More mammals occur in the Mono Basin than in many entire states, and identifying those varied species is much easier with John’s help. Photo by Sandra Noll.

Mono Basin Mammals • July 21–23 • $165 per person/$150 for members • sign up here • view full itinerary here

Seminar spotlight: High Country Plants & Habitats—how are they coping with climate change?

Tuesday, July 4th, 2017 by Andrew, Digital Engagement Coordinator
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After an extraordinarily wet winter, this will certainly be an exciting year for wildflowers. We’ve already been delighted with the number of blooms in the Mono Basin and as the snow continues to melt at the higher elevations, there will be so many more to enjoy.

Join instructor Ann Howald for her field seminar High Country Plants & Habitats July 28–30. Photo by Robert Di Paolo.

Come join renowned botanist Ann Howald for her field seminar High Country Plants & Habitats, which will have a special focus on the ways high-elevation plants and animals of the Mono Basin are affected by climate change, now and in the future. During this field seminar, Ann will take you to sub-alpine meadows and forests, shores of sub-alpine lakes, streams that cascade toward Mono Lake, and natural rock gardens. (more…)

Lee Vining Creek Trail closes after record runoff

Friday, June 23rd, 2017 by Andrew, Digital Engagement Coordinator
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Over the past couple of years, I’ve walked the Lee Vining Creek trail more times than I can count. In the fall, I enjoy the golden aspens along the calm stream. In winter, I’ve trekked across the trail in deep snow on skis and on foot, marveling at the beauty and silence of that quiet season. Spring means the emergence of wildflowers and the beginning of the runoff season, while in summer all the plants burst back to life, lizards dart across the trail again, birds fly above, and the creek is raging as the runoff reaches its peak.

Lee Vining Creek’s braided channels are full and rushing with water during this peak runoff season. Unfortunately, the Lee Vining Creek Trail has been washed out and is closed temporarily. Photo by Andrew Youssef.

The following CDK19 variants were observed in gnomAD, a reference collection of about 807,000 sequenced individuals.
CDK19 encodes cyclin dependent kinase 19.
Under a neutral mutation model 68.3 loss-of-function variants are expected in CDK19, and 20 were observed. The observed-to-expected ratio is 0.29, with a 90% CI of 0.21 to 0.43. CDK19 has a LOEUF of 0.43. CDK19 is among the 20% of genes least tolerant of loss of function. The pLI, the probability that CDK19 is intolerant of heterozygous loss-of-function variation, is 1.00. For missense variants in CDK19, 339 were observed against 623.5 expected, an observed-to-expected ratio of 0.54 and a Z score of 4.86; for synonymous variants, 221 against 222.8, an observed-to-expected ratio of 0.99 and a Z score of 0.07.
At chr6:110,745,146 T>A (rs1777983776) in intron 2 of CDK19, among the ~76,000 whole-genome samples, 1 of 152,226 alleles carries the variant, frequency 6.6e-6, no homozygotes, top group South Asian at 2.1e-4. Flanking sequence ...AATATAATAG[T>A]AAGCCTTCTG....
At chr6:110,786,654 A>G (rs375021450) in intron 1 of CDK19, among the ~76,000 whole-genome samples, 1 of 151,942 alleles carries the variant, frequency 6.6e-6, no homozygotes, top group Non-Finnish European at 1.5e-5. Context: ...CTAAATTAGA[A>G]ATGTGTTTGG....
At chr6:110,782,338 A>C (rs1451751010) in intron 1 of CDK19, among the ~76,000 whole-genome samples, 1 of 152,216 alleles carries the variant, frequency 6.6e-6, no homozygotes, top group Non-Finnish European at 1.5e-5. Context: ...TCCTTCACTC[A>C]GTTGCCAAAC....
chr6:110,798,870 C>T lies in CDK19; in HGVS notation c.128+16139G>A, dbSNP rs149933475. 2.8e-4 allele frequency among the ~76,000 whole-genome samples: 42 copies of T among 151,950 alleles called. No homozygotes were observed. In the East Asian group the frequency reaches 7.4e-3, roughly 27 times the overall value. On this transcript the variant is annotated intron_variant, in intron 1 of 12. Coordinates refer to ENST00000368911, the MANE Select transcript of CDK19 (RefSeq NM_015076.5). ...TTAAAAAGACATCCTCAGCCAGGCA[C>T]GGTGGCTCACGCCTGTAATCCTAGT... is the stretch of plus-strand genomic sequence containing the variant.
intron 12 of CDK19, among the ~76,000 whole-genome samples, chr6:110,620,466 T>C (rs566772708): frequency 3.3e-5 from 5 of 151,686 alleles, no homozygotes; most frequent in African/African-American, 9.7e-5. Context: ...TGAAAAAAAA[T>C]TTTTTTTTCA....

Walking the trail yesterday, this trail I have followed numerous times before, I felt transported to an entirely new place. (more…)

Birders flock to Mono Lake for the Mono Basin Bird Chautauqua

Thursday, June 22nd, 2017 by Andrew, Digital Engagement Coordinator
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Last weekend, more than 300 people and many more birds flocked to the Mono Basin for the sixteenth annual Mono Basin Bird Chautauqua. The Chautauqua brings birders together to enhance appreciation and understanding of the Mono Basin’s diverse and abundant bird life and to educate the public about this area’s value to birds and people. This year’s event featured over 100 programs to choose from, including field trips, lectures, workshops, and more.

Locating Hermit Thrushes near 10,000 feet above sea level at Virginia Lakes. Photo by Elin Ljung.

This year, Chautauqua participants saw an impressive 151 species of birds. Some exciting finds this weekend included Indigo Buntings near Lundy Canyon, a pair of Sandhill Cranes and a Long-tailed Jaeger in Bridgeport, and the rare Chestnut-sided Warbler near June Lake.

In addition to birds, the Chautauqua celebrates many other (more…)

There’s still time to register for the Mono Basin Bird Chautauqua

Saturday, June 10th, 2017 by Andrew, Digital Engagement Coordinator
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The sixteenth annual Mono Basin Bird Chautauqua kicks off next week with over 300 participants, over 50 presenters, and more than 100 programs! Many programs are still open, including some free programs open to all, so take a look and sign up for them before they fill. You can find full trip descriptions for all of the open trips on the Chautauqua website.